Powered by

Home India

Cyclone Remal kills nearly 50 across India's Northeast, Bangladesh

Cyclone Remal hit India and Bangladesh on May 27, causing widespread destruction and nearly 50 deaths. Mizoram was hardest hit, with 27 deaths. The storm damaged infrastructure, agriculture, homes, displacing thousands and disrupting essential services

By Ground report
New Update
Cyclone Remal kills nearly 50 across India's Northeast, Bangladesh

Photo credit: @airnewsalerts/X

Listen to this article
0.75x 1x 1.5x
00:00 / 00:00

Cyclone Remal hit India and Bangladesh on May 27, causing widespread destruction in the northeastern region of India and parts of Bangladesh, claiming nearly 50 lives. The storm brought heavy rains, thunderstorms, and winds up to 135 kilometers per hour (84 mph), damaging settlements, infrastructure, and agricultural lands.

In Mizoram, the hardest-hit state in India, the death toll from the cyclone has risen to 27, with bodies recovered from the Melthum, Hlimen, Falkawn, and Salem Veng areas of the capital Aizawl. The state government has announced a State Disaster Relief Fund of ₹15 crore (approximately $1.8 million) and an ex-gratia payment of ₹4 lakh (around $4,900) for the families of the deceased. Rescue operations continue as authorities fear the death toll may rise.

The cyclone has caused widespread damage. In Assam, four people died and 18 were injured due to heavy rainfall and strong winds. In Sonitpur district, a fallen tree injured 12 children on a school bus. Nagaland reported four fatalities and damage to 40 houses, while two people died and over 500 were injured in Meghalaya.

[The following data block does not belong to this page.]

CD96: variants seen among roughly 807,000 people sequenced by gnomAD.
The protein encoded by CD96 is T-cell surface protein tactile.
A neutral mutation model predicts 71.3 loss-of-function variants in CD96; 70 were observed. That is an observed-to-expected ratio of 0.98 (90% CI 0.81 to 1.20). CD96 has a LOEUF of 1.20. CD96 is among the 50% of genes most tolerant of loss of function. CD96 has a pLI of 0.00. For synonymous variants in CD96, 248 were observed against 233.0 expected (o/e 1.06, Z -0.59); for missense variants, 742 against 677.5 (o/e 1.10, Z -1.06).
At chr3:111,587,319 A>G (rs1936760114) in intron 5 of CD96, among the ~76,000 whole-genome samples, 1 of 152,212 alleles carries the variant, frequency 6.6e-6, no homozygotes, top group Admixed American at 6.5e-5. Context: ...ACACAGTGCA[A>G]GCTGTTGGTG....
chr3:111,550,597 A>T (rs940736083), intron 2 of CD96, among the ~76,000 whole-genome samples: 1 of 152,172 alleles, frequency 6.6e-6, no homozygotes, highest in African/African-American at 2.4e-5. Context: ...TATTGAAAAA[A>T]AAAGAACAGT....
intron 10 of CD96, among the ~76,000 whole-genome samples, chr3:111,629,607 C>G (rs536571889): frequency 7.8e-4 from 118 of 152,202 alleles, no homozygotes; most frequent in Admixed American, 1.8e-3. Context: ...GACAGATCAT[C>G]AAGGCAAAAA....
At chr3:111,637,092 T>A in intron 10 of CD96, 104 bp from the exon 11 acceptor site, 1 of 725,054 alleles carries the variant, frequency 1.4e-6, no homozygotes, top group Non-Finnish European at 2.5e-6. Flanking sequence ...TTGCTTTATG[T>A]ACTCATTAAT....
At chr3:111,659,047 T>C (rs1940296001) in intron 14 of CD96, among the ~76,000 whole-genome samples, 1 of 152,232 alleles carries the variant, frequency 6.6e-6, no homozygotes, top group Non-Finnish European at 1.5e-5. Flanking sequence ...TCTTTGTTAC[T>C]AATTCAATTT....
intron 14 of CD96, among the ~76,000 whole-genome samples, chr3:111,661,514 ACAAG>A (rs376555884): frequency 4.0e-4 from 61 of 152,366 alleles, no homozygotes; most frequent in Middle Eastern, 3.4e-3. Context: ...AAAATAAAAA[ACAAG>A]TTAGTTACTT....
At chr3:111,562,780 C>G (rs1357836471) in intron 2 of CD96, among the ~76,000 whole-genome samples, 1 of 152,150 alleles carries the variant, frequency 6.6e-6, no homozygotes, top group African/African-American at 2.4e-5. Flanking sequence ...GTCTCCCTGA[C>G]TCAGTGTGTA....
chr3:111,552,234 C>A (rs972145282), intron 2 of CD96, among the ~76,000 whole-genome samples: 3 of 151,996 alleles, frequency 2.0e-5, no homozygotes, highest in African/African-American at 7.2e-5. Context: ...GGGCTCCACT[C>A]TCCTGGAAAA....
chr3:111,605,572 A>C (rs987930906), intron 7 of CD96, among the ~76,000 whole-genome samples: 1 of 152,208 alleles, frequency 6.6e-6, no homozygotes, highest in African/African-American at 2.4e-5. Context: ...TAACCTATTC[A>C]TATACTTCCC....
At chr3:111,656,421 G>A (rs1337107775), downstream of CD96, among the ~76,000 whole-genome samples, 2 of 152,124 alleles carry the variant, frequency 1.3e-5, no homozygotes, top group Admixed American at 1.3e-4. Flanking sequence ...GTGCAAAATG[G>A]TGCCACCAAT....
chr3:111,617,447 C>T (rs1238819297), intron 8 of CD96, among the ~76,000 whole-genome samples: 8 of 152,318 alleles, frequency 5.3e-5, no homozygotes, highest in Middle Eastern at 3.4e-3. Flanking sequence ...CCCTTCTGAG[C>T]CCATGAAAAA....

In a devastating incident in Mizoram's Aizawl district, ten people died and several went missing after a stone quarry collapsed during heavy rain. The incident took place around 6 a.m. between Melthum and Hlimen on the southern outskirts of Aizawl town.

The cyclone caused widespread damage to infrastructure and agricultural lands. In Tripura, 686 electric poles, 234 kilometers of electric transmission lines, and 82 transformers were damaged, according to Power Minister Ratan Lal Nath. Additionally, 397 hectares of cultivable land belonging to 1,764 farmers were affected, leading to a cumulative loss of nearly ₹8.30 crore (approximately $1 million) and the damage of an estimated 384 metric tons of standing crops.

In Bangladesh, the cyclone claimed at least 10 lives, according to the country's disaster management minister, Mohibbur Rahman. "3.75 million people have been affected...35,483 homes were destroyed,115,992 homes were damaged," Rahman said.

The cyclone hit the coastal areas hard, blowing away thatched hut roofs and flattening mud houses. Residents in Bangladesh's Mongla port and West Bengal's Sagar Islands faced the worst of it, with many left homeless.

"When the water rises, we face many problems. Houses get submerged because the embankment is broken. There are no ferries to cross. When there's a storm, everything floods," said Rafiqul Islam, a resident of Bangladesh.

Authorities in India and Bangladesh mobilized relief efforts, evacuating thousands to safer shelters before the cyclone's landfall. In Bangladesh, Sahid Hawladar, the team leader of the Center for Pandemic Preparedness, said, "We evacuated those outside the embankment to a safe haven. Before the cyclone, we encouraged people from surrounding villages to go to the shelter, and brought them to safety."

The cyclone disrupted essential services, causing power outages in West Bengal, the Northeast, and Bangladesh. Flight operations at Kolkata's international airport were halted for over 24 hours, leading to around 50 cancellations, and suburban train services were suspended.

Follow Ground Report for Environmental News From India. Connect with us on FacebookTwitterKoo AppInstagramWhatsapp and YouTube. Write us on [email protected] and subscribe our free newsletter

Don’t forget to check out our climate glossary, it helps in learning difficult environmental terms in simple language.